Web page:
This ponderous quarto is in some respects both a summation and an extension of Walter Melion’s work of the past two decades, in which he has identified and analyzed instances of what he calls “meditative image-making” in Netherlandish prints of the late sixteenth and early seventeenth centuries. The eight individual case studies (plus a substantive introduction and epilogue) comprised by the book have not been previously published, but Melion returns to some of his favored objects of analysis, such as the plates of the Evangelicae historiae imagines (1593), mostly by the Wierix brothers after Bernardino Passeri, appended to Jerónimo Nadal’s Adnotationes et meditations in Evangelia (here the appearances of the risen Christ), and Hendrick Goltzius’s engraved series of the Life of the Virgin (1593-1594), as well as introducing other prints, print series, and book illustrations, including the plates by Boëtius à Bolswert in Antonius Sucquet’s Via vitae aeternae (1620); and several further works by Hieronymus Wierix, including two series: Iesu Christi Dei Domini Salvatoris nostri infantia (perhaps 1600-1610), and Septem Psalmi Davidici (1608; one plate is engraved by Antoon Wierix). Goltzius’s drawing of the Adoration of the Magi (1605) and Otto van Veen’s Carrying of the Cross altarpiece (c. 1610) expand the discussion into other media, but they are viewed in the context of the print tradition whence they emerged.
Melion’s long-standing concern has been with artworks that can be shown to thematize their own production and function. In this volume he has selected works “that call attention to their status as images, using the theme of pictorial artifice to heighten the soul’s awareness of its own image-making powers” (p. 3) – powers exemplified by Christ in His own figuration as imago Dei, sanctioned by the Incarnation. The prints both represent and prompt the soul’s devotional activity.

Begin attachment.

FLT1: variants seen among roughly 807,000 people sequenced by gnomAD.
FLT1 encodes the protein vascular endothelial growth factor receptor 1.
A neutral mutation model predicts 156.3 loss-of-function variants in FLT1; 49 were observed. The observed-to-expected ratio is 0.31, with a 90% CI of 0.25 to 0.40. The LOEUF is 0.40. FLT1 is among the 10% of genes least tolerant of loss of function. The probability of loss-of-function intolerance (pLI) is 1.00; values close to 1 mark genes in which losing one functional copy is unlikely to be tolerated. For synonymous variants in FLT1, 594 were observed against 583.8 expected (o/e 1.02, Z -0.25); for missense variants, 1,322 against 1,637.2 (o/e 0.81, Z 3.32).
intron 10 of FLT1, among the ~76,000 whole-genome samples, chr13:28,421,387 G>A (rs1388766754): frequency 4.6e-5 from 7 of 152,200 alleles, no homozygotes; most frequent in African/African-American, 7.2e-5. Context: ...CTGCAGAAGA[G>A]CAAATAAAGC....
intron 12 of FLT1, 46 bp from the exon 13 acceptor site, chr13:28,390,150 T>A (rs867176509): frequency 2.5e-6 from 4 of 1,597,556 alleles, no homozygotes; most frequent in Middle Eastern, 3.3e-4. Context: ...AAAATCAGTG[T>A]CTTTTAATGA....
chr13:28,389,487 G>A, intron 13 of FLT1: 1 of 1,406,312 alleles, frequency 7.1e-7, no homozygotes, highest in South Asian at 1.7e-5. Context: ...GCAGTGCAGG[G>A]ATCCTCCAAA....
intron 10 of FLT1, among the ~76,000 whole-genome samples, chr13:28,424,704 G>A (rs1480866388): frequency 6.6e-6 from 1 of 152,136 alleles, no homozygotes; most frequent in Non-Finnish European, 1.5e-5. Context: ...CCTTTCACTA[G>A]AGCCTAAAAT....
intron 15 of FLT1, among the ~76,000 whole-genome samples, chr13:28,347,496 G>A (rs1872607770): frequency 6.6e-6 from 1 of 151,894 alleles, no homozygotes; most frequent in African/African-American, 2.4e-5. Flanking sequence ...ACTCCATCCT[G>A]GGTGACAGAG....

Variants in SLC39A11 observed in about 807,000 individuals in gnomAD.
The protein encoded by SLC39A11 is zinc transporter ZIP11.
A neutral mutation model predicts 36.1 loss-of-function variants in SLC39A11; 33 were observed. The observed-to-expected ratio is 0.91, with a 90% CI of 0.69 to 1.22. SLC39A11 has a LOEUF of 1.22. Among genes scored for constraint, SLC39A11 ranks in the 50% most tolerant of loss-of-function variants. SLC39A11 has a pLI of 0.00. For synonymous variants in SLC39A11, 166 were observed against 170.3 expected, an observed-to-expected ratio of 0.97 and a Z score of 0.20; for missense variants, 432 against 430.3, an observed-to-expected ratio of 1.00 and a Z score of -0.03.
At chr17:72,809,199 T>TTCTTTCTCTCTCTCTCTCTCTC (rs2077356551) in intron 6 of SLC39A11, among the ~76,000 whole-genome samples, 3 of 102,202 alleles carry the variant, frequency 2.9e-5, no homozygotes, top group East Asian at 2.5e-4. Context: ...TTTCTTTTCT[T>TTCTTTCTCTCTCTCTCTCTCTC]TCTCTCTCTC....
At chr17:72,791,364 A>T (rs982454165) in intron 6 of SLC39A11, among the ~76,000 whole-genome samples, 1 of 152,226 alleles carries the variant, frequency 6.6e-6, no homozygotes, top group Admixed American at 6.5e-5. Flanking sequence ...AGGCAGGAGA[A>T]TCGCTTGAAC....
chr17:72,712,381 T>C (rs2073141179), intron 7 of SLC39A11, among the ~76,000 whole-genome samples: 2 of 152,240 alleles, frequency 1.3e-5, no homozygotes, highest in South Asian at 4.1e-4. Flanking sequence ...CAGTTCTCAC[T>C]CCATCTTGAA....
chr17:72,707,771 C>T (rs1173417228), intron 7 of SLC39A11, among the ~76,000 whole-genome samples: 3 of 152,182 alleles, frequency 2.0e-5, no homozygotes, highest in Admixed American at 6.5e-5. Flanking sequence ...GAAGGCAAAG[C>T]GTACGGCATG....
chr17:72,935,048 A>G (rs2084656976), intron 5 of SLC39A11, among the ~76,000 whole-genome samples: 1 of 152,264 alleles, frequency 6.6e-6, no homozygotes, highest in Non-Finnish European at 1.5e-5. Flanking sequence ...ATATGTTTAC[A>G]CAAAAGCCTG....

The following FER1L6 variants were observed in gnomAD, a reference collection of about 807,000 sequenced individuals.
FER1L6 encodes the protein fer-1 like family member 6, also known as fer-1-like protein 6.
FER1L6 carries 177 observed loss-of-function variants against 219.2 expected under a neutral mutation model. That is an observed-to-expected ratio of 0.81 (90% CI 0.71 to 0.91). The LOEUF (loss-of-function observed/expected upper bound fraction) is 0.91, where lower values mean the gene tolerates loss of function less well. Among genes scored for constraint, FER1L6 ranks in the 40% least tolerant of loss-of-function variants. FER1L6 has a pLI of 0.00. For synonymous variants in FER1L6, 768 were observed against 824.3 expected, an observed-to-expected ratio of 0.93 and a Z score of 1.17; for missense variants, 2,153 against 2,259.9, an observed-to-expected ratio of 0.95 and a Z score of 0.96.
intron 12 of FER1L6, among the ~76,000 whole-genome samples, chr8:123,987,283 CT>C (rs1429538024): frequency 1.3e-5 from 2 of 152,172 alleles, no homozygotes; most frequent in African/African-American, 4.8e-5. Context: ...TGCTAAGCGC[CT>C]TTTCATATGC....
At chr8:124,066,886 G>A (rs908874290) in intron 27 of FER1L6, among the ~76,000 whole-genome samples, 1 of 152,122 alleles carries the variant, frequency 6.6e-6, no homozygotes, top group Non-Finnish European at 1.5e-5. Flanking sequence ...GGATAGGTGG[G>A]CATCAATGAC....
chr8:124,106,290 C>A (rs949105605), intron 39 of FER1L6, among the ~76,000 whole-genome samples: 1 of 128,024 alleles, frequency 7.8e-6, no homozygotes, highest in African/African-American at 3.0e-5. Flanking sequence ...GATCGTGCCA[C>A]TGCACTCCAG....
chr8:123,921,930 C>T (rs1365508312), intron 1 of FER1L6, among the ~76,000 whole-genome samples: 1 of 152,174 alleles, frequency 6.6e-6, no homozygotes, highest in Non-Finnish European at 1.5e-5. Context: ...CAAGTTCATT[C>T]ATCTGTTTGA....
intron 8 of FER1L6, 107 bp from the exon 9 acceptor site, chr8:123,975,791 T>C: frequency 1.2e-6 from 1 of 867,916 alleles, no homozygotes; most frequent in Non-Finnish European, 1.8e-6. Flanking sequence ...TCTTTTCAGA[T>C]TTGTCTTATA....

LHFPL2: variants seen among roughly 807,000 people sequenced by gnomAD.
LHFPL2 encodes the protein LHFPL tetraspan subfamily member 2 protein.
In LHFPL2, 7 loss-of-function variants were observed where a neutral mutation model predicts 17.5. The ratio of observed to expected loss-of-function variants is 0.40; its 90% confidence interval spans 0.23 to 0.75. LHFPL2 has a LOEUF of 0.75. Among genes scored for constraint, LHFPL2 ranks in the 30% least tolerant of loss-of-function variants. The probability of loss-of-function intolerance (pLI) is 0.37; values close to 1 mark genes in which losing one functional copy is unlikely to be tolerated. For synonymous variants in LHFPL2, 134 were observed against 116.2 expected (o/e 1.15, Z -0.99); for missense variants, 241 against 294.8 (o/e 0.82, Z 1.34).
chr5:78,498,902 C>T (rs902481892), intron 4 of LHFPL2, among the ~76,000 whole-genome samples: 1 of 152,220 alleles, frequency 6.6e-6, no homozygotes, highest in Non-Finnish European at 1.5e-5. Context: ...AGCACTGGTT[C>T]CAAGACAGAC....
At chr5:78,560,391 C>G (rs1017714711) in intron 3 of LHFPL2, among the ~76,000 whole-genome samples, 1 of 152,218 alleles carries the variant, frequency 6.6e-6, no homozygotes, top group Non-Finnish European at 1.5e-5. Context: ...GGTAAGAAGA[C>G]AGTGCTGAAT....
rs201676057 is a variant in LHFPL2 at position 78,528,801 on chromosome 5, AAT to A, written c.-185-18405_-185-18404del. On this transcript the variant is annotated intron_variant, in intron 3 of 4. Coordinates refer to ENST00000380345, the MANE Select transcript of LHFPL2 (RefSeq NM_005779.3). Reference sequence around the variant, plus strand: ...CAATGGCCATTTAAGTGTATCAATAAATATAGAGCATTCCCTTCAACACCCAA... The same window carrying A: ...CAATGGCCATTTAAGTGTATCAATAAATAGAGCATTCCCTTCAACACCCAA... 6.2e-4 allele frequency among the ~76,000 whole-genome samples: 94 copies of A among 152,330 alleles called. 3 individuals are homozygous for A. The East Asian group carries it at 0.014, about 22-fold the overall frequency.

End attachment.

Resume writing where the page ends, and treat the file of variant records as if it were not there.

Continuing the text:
Melion adduces instances in which artists and writers commented on meditative images, such as Christopher Plantin’s prefaces to Benito Arias Montano’s Humanae salutis monumenta (1571), wherein the publisher explains the utility of the images and their relations to the texts in this novel scriptural emblem book. But he also draws attention to texts in which the language of pictorial practice is applied to meditative practice – thus Luis Granada in his Libro de la oración(English trans. 1582) says that “we must then figure and represente everie one of these matters [concerning the Passion] in our imagination” – and in which meditation is likened to viewing a painting, as in Franciscus Costerus’s preface to his De vita et laudibus Deiparae Mariae Virginis (1588). Furthermore, Melion extracts from texts and images less explicit connections between picturing and devotion, both in production (for example, in his Protean feat of imitation in the Life of the Virgin, “Goltzius tropes the imitative process, using it to convey the soul’s conversion of itself into an image of the beloved, whose likeness it craves” [p. 372]) and in viewing (we are reminded repeatedly of the role of sight in meditation; thus, for example, our viewing of the Christi Iesu vitae admirabiliumque actionum speculum, which is embedded in Montano’s Divinarum nuptiarum conventa et acta of 1573/74, doubles that of Sponsa who contemplates in a mirror images of the life of Christ, her spouse, in the Acta). We are also reminded of the ways in which protagonists within compositions fix the viewer’s relationship to the narrative; thus Saint Joseph “functions for Goltzius as a prototype of the ideal votary who meditates with his eyes, mind, and heart” and is “a type of the pious viewer” (pp. 199-200).